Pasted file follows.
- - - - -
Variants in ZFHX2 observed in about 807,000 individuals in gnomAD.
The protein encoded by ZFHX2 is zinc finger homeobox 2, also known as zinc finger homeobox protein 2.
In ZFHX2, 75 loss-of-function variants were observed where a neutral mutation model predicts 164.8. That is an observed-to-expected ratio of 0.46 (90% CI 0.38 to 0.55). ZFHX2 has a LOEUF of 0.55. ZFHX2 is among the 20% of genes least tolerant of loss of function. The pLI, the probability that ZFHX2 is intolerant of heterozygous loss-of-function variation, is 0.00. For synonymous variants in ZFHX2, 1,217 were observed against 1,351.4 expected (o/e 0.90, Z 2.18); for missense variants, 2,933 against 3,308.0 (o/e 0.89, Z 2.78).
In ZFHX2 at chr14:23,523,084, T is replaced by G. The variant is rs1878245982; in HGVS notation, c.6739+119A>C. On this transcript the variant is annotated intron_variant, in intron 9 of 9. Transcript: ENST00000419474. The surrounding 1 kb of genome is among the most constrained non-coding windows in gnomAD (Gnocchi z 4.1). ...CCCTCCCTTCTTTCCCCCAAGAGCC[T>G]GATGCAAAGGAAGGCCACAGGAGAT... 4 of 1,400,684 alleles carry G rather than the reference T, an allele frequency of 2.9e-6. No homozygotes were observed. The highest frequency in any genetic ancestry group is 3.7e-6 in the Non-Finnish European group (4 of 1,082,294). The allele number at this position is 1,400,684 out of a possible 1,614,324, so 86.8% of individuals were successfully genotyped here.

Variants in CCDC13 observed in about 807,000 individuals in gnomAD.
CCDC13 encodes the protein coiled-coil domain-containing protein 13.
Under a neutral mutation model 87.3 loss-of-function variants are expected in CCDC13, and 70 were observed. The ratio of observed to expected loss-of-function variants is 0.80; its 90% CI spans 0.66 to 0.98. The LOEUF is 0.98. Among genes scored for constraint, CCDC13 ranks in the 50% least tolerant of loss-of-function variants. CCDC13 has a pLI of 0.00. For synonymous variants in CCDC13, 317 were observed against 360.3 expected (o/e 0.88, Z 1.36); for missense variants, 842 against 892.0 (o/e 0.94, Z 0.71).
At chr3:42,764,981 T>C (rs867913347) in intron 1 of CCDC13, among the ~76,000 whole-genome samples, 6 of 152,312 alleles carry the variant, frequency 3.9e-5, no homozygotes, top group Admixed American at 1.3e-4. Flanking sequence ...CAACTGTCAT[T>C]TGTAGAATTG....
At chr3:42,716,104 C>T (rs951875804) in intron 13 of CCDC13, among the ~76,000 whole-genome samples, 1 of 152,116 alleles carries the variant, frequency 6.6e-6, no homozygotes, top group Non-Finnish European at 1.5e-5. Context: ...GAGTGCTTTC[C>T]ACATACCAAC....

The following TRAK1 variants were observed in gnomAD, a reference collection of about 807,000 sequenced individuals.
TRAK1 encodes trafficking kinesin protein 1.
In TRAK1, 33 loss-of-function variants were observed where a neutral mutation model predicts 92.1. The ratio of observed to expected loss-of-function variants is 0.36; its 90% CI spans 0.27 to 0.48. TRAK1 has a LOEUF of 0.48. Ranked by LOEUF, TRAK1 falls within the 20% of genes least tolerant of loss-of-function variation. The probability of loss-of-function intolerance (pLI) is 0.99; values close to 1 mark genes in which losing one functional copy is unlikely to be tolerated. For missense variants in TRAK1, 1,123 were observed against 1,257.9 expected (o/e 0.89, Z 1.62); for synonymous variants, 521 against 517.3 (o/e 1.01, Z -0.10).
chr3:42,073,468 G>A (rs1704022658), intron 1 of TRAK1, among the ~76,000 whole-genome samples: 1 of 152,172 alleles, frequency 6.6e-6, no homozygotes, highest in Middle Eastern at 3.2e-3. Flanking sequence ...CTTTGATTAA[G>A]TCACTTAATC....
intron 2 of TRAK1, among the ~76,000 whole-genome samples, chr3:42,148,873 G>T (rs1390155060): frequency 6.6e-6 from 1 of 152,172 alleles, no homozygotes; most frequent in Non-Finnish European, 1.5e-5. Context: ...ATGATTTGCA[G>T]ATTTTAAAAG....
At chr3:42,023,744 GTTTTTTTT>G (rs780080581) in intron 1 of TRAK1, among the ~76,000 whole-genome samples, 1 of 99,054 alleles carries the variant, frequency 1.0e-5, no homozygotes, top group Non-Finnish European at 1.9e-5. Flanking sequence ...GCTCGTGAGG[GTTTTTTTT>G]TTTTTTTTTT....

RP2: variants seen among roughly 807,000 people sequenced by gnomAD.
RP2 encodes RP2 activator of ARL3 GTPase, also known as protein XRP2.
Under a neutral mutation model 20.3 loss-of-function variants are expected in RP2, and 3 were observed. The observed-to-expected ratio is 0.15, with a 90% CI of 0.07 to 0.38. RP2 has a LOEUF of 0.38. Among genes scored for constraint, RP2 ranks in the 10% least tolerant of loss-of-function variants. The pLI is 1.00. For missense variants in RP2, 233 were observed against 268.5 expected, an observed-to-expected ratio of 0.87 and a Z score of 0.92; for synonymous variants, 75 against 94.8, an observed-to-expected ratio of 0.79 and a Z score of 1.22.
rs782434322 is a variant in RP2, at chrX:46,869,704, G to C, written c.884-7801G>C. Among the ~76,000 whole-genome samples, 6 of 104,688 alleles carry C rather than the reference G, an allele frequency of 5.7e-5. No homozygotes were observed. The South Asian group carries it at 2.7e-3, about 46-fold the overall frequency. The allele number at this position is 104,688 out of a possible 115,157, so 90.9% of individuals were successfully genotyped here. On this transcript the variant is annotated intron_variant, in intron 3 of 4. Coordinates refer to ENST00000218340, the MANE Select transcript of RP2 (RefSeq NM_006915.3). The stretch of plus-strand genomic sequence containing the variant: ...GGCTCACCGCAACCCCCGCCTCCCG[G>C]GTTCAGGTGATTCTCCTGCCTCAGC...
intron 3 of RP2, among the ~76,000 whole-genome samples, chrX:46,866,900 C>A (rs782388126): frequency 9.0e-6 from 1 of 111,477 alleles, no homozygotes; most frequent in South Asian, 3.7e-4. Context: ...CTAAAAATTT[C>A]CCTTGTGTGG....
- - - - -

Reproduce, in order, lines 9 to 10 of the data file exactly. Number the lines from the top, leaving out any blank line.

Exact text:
At chr3:42,716,104 C>T (rs951875804) in intron 13 of CCDC13, among the ~76,000 whole-genome samples, 1 of 152,116 alleles carries the variant, frequency 6.6e-6, no homozygotes, top group Non-Finnish European at 1.5e-5. Context: ...GAGTGCTTTC[C>T]ACATACCAAC....

The following TRAK1 variants were observed in gnomAD, a reference collection of about 807,000 sequenced individuals.